Unpaid tolls cost millions

Photo provided by The Houma Courier, EMILY SCHWARZE -- A fisherman crosses under a section of the La. 1 bridge in Leeville. The bridge is heavily used to haul oil and natural gas nationwide.
Photo provided by The Houma Courier, EMILY SCHWARZE -- A fisherman crosses under a section of the La. 1 bridge in Leeville. The bridge is heavily used to haul oil and natural gas nationwide.

Report: Violation images unprocessed

State transportation officials have allowed up to 300,000 cars and trucks to use a troubled toll bridge in far south Louisiana without operators paying, according to a report issued on Monday.

In addition, state officials failed to charge motorists with electronic accounts that had insufficient funds and did not send delinquency notices to nearly 40,000 violators who used the La. 1 bridge in Leeville, Legislative Auditor Daryl Purpera said in an 18-page review.

In an interview, Purpera said the bridge was built for $365 million “but we don’t seem to get the toll collection system to work.”

“We need to,” he added.

The report is just the latest problem to surface since the bridge opened in 2009.

The structure is just west of Grand Isle and crosses Bayou Lafourche.

It is used to haul nearly 20 percent of the nation’s crude oil and natural gas supplies, fishing enthusiasts and others.

Toll collections have been a problem since they started being collected two years ago, and state officials said in July that troubles remained despite the opening of a cash lane in June.

About 8,000 to 10,000 cars and trucks use the bridge daily.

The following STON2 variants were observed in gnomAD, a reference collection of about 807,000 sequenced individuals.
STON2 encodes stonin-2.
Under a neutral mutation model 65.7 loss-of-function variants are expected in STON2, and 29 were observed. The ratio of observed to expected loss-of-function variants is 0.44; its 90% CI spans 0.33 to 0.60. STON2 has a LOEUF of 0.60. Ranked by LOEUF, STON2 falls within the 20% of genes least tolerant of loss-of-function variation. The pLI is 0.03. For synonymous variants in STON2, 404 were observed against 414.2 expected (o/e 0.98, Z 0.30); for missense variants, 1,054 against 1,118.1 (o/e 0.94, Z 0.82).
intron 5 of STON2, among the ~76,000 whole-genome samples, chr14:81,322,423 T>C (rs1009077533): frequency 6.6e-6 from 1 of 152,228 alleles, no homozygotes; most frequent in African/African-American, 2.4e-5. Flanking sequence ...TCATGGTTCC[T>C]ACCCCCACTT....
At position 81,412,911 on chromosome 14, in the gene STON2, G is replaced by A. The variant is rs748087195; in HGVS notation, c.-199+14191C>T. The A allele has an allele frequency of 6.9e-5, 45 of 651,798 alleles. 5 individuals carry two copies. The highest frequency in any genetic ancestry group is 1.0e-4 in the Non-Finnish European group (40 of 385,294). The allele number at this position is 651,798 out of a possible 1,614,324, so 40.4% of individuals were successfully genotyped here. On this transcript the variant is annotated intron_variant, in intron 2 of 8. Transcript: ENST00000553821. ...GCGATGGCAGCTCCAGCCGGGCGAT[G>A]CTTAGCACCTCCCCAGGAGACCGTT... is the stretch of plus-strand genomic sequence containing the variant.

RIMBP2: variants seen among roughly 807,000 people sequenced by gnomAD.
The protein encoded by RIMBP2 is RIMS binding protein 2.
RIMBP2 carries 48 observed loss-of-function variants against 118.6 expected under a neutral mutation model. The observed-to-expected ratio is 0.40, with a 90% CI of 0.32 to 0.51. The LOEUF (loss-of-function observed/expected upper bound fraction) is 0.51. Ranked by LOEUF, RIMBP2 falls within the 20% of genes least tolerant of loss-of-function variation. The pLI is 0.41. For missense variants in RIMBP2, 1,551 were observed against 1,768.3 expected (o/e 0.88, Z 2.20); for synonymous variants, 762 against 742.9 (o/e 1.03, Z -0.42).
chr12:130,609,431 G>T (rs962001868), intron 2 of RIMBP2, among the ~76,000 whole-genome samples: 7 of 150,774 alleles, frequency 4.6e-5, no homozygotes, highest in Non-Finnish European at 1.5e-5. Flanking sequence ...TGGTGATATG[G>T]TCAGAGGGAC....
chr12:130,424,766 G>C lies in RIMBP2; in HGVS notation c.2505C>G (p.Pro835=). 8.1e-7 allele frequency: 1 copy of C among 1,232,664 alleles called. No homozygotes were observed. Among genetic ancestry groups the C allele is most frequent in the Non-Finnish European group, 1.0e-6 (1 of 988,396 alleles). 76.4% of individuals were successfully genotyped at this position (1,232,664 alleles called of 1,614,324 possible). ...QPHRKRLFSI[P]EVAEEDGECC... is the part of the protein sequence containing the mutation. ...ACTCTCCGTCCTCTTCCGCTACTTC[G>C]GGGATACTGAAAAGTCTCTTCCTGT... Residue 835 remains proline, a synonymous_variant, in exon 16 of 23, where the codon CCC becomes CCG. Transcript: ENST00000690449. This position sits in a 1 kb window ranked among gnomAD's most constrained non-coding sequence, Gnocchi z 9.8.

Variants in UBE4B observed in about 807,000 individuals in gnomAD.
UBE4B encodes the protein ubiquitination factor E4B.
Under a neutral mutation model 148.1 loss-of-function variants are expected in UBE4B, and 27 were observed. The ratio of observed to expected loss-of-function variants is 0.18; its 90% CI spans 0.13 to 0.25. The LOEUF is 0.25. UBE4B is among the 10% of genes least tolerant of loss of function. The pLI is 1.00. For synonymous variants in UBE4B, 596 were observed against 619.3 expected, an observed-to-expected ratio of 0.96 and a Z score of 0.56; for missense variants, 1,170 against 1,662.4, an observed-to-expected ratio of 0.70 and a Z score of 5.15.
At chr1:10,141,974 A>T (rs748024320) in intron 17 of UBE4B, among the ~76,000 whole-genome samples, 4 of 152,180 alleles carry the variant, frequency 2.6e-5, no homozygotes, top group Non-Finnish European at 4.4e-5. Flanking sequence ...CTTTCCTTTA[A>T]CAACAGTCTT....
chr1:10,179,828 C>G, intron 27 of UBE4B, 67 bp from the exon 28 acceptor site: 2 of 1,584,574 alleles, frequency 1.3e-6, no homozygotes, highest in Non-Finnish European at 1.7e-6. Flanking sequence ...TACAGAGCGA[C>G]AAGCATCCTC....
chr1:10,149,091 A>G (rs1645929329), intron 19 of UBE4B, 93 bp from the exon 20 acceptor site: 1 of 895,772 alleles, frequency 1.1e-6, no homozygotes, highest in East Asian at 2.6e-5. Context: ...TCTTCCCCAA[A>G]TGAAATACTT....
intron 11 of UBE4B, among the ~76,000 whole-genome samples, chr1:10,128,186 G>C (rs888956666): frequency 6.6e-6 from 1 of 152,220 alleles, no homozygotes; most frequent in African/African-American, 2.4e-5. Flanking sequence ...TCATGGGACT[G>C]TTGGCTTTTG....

Most car drivers who use the bridge pay $2.50 per round trip.

The top charge for big trucks is $12.

But Purpera’s report said that about 300,000 violation images of license plates from previous years — generally cars and trucks using the bridge without operators paying — remain unprocessed and unbilled “because of system and personnel constraints.”

“The risk of not collecting these violations increases the longer they remain unbilled,” the review states.

Even if only 100,000 of the pictures represent violations, Purpera said, that could mean $2 million in additional toll revenue.

How much other revenue is being left uncollected is unclear.

In a written response, state Department of Transportation and Development Secretary Sherri LeBas agreed with the criticism on the roughly 300,000 unchecked violations.

“DOTD is exploring contracting out the review of these images,” LeBas wrote.

Rhett Desselle, assistant DOTD secretary, said in an interview that state officials are seeking help to study images of possible violations.

“We need some help to do those reviews,” Desselle said.

He said the toll system is capturing about 95 percent of bridge traffic, “which is much, much improved over where we were last year at this time.”

The audit also identified problems with the Geaux Pass, which is a transponder that, when read electronically, deducts the payment from a driver’s account.

Between August 2009 and May of this year the electronic toll system “did not charge a toll or issue a violation against a user’s Geaux Pass account if it had an insufficient balance,” according to the report.

“Geaux Pass account holders who had insufficient funds in their accounts were allowed repeated free passage until new funds were added to the account,” Purpera wrote.

In her written response, LeBas said that problem was corrected on May 2.

Since then, motorists who cross the bridge with less than the amount due are treated as violators, she said.

Purpera wrote that the Louisiana Transportation Authority, a nine-member panel that governs the bridge, has failed to send delinquency notices for 39,700 toll violations as required by state law.

Late fees of up to $20 are allowed, and failure to pay after three notices is supposed to force state action to prevent violators from renewing their driver’s licenses or vehicle registrations.

DOTD officials said that, while violation notices often went unmailed in previous years, notices were sent out for the financial year that ended June 30.